1425–75; late Middle English; see dice, -ing1

Dictionary.com Unabridged


plural noun, singular die.
small cubes of plastic, ivory, bone, or wood, marked on each side with one to six spots, usually used in pairs in games of chance or in gambling.
any of various games, especially gambling games, played by shaking and throwing from two to six dice or poker dice onto a flat surface. Compare craps.
any small cubes.
Auto Racing. a jockeying for lead position between two or more drivers in which tactics are used to pass or keep from being passed.
verb (used with object), diced, dicing.
to cut into small cubes.
to decorate with cubelike figures.
to lose by gambling with dice (often followed by away ).
verb (used without object), diced, dicing.
to play at dice.
to cause or bring about by gambling with dice.
Auto Racing. to duel with another car or cars in a dice.
no dice, Informal. of no use or help; ineffective.

1300–50; Middle English dees, dis, dyce (singular and plural), dyces (plural) < Old French de(i)z, dés (plural); see die2

dicer, noun

dice, die, dye.
Dictionary.com Unabridged
Based on the Random House Dictionary, © Random House, Inc. 2014.
Cite This Source Link To Dicing
World English Dictionary
dice (daɪs)
pl n
1.  cubes of wood, plastic, etc, each of whose sides has a different number of spots (1 to 6), used in games of chance and in gambling to give random numbers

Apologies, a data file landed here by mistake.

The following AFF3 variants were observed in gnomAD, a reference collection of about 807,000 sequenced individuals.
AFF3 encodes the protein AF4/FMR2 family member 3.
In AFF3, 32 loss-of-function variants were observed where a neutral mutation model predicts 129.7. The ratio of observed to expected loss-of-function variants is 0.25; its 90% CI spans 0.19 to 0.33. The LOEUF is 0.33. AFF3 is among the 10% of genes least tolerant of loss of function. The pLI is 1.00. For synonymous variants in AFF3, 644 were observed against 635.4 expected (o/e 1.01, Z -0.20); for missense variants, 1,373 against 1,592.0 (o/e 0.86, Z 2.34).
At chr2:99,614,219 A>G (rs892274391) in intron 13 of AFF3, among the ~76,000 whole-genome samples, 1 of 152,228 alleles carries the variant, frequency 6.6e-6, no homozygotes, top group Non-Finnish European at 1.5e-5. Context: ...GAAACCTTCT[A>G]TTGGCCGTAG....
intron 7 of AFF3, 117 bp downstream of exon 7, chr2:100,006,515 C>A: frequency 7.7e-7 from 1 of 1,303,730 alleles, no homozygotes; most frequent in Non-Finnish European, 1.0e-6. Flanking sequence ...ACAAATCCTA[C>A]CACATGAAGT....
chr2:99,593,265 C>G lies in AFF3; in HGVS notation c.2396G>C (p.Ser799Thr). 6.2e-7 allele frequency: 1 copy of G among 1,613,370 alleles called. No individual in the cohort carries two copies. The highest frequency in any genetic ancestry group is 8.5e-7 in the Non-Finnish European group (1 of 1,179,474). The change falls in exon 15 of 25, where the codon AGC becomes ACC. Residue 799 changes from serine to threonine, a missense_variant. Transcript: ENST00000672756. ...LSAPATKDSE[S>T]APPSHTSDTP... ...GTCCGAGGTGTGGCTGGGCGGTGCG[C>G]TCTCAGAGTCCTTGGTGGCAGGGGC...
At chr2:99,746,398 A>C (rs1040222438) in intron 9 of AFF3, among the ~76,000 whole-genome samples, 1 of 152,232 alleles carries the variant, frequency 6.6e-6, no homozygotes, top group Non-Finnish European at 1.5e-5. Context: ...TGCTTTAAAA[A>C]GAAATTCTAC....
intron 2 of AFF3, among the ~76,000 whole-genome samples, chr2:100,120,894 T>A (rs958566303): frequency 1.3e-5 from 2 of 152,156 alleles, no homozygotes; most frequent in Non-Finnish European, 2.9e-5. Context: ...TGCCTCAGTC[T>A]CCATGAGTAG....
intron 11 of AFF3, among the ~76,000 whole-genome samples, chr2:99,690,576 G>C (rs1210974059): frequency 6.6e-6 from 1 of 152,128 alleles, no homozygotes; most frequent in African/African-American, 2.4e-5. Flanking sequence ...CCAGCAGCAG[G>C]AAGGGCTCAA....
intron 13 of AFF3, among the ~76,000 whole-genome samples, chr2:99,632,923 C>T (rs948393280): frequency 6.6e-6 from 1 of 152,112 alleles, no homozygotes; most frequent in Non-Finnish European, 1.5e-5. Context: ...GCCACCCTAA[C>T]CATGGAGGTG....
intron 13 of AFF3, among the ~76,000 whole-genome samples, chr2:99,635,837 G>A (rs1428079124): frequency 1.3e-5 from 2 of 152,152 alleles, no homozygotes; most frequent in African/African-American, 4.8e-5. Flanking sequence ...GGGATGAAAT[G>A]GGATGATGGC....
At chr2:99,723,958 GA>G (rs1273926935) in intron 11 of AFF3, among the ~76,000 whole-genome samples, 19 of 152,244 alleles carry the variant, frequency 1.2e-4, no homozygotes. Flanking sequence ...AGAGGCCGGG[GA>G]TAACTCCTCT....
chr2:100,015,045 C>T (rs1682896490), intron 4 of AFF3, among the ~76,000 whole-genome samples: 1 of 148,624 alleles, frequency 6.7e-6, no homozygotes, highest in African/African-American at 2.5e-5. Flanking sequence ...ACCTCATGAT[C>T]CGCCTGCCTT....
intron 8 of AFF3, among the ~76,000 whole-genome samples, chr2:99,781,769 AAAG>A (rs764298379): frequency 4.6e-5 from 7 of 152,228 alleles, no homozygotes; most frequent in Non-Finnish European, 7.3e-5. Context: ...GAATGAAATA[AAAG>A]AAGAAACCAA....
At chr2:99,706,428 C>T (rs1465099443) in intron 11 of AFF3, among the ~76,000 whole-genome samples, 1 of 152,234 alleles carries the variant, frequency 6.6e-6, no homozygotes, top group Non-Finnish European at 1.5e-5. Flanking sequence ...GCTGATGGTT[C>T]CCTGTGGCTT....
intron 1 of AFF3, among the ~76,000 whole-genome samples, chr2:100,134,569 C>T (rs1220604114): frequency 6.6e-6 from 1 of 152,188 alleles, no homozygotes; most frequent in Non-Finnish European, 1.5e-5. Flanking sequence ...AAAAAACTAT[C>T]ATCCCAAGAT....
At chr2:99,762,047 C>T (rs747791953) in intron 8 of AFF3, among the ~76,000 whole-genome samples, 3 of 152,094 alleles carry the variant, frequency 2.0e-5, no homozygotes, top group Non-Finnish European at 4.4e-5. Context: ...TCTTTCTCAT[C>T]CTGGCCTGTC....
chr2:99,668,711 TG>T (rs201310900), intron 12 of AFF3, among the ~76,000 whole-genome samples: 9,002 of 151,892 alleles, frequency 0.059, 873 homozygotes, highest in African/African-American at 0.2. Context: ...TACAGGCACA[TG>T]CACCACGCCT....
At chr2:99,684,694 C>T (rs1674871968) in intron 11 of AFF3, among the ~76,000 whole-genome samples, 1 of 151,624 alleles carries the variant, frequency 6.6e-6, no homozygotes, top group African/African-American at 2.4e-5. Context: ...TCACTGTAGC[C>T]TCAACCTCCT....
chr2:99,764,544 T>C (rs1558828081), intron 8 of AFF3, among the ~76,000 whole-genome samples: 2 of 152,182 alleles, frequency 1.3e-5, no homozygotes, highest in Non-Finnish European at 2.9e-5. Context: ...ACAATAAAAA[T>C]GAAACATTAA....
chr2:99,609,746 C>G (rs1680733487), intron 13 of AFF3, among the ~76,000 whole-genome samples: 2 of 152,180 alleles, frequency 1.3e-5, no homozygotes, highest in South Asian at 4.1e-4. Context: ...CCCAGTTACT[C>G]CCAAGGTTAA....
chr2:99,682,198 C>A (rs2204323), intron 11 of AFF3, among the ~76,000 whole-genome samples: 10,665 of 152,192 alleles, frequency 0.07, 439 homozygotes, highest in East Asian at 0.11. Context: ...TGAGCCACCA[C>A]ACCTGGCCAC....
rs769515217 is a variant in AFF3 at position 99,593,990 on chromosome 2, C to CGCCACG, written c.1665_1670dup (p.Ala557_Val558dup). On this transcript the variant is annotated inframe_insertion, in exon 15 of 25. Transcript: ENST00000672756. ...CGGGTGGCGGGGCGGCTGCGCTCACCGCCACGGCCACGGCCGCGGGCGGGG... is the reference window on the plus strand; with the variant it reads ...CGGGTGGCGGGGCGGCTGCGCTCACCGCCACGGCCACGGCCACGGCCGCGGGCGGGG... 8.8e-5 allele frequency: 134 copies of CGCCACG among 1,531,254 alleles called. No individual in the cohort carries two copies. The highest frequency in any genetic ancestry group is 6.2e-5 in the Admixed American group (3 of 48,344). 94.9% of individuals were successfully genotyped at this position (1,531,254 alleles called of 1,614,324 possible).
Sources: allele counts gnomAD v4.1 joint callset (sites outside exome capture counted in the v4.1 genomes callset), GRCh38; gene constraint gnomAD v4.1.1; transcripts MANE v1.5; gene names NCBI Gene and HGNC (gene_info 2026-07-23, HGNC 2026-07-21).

2.  (functioning as singular) Also called: die one of these cubes
3.  small cubes as of vegetables, chopped meat, etc
4.  slang chiefly (US), (Canadian) no dice an expression of refusal or rejection
5.  to cut (food, etc) into small cubes
6.  (intr) to gamble with or play at a game involving dice
7.  (intr) to take a chance or risk (esp in the phrase dice with death)
8.  informal (Austral) (tr) to abandon or reject
9.  (tr) to decorate or mark with dicelike shapes
[C14: plural of die²]

Collins English Dictionary - Complete & Unabridged 10th Edition
2009 © William Collins Sons & Co. Ltd. 1979, 1986 © HarperCollins
Publishers 1998, 2000, 2003, 2005, 2006, 2007, 2009
Cite This Source
Word Origin & History

early 14c., des, dys, plural of dy (see die (n.)), altered 14c. to dyse, dyce, and 15c. to dice. "As in pence, the plural s retains its original breath sound, probably because these words were not felt as ordinary plurals, but as collective words" [OED]. Sometimes used as singular
1400-1700. The verb "to cut into cubes" is first recorded late 14c. Related: Diced.
Online Etymology Dictionary, © 2010 Douglas Harper
Cite This Source
American Heritage
Abbreviations & Acronyms
data integration and collection environment
The American Heritage® Abbreviations Dictionary, Third Edition
Copyright © 2005 by Houghton Mifflin Company.
Published by Houghton Mifflin Company. All rights reserved.
Cite This Source
Example sentences
Copyright issues arise, too, when splicing and dicing texts from various
All your slicing and dicing is done with a cursor that you aim with the remote.
The scientific establishment is still slicing and dicing gray matter and
  putting it under a microscope to see what makes it spin.
In the sixteenth century, dicing was virtually synonymous with cheating.
Related Words
Copyright © 2014 Dictionary.com, LLC. All rights reserved.
  • Please Login or Sign Up to use the Recent Searches feature